Giving Addresses, Protecting Names
The breaking news story was obviously much shorter and had less information than the second. One of the main purposes seemed to be to seek potential leads on the “would-be-robber.” The article both reports what happened and asks that if anyone knows anything about what happened that they tell the police. It was also apparent that the author did not have as much time to write or proofread the article, notice the double “the” in the following sentence: “State police said the man sprayed Mr. O'Neil with pepper spray and attempted to grab the the deposit bags.” This isn’t that grievous of an error and the rest of the article is well written, but it’s just little things like this that make the time-limits evident.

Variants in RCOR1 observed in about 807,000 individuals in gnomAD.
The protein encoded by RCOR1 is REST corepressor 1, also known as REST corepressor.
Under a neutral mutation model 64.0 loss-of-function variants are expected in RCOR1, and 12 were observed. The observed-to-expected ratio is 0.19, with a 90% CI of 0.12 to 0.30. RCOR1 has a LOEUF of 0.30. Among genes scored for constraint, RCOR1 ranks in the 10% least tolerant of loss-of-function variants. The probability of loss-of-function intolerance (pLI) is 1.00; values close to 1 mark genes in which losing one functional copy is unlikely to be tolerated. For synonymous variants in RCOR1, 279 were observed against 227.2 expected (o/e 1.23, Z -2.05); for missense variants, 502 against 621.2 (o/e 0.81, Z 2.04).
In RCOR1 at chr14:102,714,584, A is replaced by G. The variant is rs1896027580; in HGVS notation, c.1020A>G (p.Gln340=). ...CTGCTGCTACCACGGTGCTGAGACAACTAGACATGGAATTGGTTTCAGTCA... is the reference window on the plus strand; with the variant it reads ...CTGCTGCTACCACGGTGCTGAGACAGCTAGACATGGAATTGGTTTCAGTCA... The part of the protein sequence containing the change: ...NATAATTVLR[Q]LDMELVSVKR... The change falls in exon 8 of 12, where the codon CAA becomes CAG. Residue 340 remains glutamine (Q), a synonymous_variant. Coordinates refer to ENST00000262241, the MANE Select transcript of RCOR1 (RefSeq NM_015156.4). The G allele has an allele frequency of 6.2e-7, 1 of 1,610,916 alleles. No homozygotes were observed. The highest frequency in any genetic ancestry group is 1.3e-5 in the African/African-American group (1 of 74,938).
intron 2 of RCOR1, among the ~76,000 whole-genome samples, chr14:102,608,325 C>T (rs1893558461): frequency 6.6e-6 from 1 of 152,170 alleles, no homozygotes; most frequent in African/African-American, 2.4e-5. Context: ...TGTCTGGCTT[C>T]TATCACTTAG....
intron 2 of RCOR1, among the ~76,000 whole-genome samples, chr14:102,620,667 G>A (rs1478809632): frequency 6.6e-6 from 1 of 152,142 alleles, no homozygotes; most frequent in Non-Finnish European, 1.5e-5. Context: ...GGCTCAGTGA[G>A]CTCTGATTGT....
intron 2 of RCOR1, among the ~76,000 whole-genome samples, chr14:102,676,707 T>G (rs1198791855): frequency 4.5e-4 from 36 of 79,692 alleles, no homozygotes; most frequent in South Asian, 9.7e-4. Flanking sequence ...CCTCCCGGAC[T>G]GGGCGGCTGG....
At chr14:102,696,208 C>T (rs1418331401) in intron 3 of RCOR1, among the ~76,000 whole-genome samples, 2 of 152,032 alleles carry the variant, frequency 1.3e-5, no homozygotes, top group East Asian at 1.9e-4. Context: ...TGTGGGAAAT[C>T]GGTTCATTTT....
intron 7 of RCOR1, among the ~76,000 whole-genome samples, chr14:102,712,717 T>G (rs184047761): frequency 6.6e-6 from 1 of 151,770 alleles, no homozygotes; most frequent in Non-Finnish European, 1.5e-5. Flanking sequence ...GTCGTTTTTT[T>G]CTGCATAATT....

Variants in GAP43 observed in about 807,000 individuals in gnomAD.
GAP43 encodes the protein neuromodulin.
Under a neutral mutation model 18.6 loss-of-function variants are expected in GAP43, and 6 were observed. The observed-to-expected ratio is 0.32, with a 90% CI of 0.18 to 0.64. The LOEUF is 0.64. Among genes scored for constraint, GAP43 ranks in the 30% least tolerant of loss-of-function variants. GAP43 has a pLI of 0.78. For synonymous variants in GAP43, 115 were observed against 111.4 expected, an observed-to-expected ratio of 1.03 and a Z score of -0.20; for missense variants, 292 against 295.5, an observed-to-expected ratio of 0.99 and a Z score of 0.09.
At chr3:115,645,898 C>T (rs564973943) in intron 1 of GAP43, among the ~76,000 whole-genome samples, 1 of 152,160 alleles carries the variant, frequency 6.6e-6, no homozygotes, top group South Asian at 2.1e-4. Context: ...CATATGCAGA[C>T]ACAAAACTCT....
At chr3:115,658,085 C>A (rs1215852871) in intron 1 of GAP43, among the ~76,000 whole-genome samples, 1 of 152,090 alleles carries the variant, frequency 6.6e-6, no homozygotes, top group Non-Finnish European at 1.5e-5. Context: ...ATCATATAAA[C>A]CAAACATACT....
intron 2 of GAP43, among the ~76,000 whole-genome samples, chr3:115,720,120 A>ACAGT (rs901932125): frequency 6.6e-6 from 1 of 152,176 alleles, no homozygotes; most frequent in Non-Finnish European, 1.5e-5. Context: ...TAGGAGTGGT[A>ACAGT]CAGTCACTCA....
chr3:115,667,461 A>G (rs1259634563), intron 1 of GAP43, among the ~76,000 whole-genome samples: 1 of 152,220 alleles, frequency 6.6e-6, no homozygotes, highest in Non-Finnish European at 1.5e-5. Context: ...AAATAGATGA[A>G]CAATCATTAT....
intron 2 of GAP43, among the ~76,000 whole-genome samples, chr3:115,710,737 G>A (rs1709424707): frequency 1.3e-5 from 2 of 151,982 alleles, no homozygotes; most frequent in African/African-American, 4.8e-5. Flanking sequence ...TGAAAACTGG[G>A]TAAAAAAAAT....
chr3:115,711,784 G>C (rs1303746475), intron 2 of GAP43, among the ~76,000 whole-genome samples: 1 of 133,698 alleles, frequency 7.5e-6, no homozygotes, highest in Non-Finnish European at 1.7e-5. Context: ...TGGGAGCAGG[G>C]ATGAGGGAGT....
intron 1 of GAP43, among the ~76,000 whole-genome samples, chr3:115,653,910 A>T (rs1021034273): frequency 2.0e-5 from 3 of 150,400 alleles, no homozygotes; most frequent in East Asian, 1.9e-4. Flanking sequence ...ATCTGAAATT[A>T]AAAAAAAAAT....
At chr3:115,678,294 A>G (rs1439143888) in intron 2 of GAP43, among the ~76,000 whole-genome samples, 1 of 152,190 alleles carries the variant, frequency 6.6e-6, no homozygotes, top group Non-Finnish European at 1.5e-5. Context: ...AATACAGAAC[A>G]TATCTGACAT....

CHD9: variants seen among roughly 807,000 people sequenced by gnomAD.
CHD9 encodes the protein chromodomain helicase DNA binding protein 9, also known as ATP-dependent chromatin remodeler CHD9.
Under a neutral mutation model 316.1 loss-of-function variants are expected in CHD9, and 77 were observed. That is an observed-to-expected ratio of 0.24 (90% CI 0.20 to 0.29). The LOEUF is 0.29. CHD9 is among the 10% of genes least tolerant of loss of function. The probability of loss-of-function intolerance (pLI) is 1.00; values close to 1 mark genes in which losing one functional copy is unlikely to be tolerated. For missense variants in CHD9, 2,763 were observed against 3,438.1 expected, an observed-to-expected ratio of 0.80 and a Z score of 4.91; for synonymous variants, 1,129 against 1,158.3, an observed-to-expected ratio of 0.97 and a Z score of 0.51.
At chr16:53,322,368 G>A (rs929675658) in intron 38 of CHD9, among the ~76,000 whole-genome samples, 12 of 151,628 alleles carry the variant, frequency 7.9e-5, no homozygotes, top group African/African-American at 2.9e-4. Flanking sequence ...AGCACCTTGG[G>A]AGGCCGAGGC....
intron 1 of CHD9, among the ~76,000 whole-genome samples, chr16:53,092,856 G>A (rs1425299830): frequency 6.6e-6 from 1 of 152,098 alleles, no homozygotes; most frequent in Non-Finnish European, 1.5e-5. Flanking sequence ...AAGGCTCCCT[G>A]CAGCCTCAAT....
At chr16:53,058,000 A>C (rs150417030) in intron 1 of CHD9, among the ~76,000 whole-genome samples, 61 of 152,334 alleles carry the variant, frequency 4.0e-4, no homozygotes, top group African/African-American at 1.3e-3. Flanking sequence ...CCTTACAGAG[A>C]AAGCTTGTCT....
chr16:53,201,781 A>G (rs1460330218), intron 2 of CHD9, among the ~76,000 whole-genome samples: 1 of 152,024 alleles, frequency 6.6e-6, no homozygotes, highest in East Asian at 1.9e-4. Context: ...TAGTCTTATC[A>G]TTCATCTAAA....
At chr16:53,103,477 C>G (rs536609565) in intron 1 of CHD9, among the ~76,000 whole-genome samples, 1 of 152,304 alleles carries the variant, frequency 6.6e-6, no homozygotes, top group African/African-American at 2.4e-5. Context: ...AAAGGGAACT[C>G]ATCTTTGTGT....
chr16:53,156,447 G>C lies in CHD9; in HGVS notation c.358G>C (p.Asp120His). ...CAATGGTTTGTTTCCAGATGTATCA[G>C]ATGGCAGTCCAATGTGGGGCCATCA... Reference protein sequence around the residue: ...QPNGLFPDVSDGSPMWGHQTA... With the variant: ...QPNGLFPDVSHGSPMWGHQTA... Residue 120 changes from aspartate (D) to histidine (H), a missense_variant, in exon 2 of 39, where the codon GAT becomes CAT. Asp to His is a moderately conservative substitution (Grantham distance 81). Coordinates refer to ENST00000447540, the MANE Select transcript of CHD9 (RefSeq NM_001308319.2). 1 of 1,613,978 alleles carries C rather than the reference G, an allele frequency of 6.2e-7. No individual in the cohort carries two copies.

The court story was much longer, had a lot more detail, and included quotes. One thing I noticed that I found rather strange was that the reporter included the addresses of all of the accused. I personally as a reporter don’t think I would do that. Maybe, this is just common practice for news articles, but it doesn’t seem very nice to do that to anyone involved. Another very notable sentence was, “The Tribune-Review does not name alleged victims of sexual assault.” First, they set this sentence apart all by itself in its own paragraph which really made it jump out. Secondly, the girl that was kidnapped was 17, meaning that as a minor her name couldn’t have been published anyway. I don’t know why they just didn’t say that. It’s almost like the reporter is trying to brag about how considerate and respectful the paper is.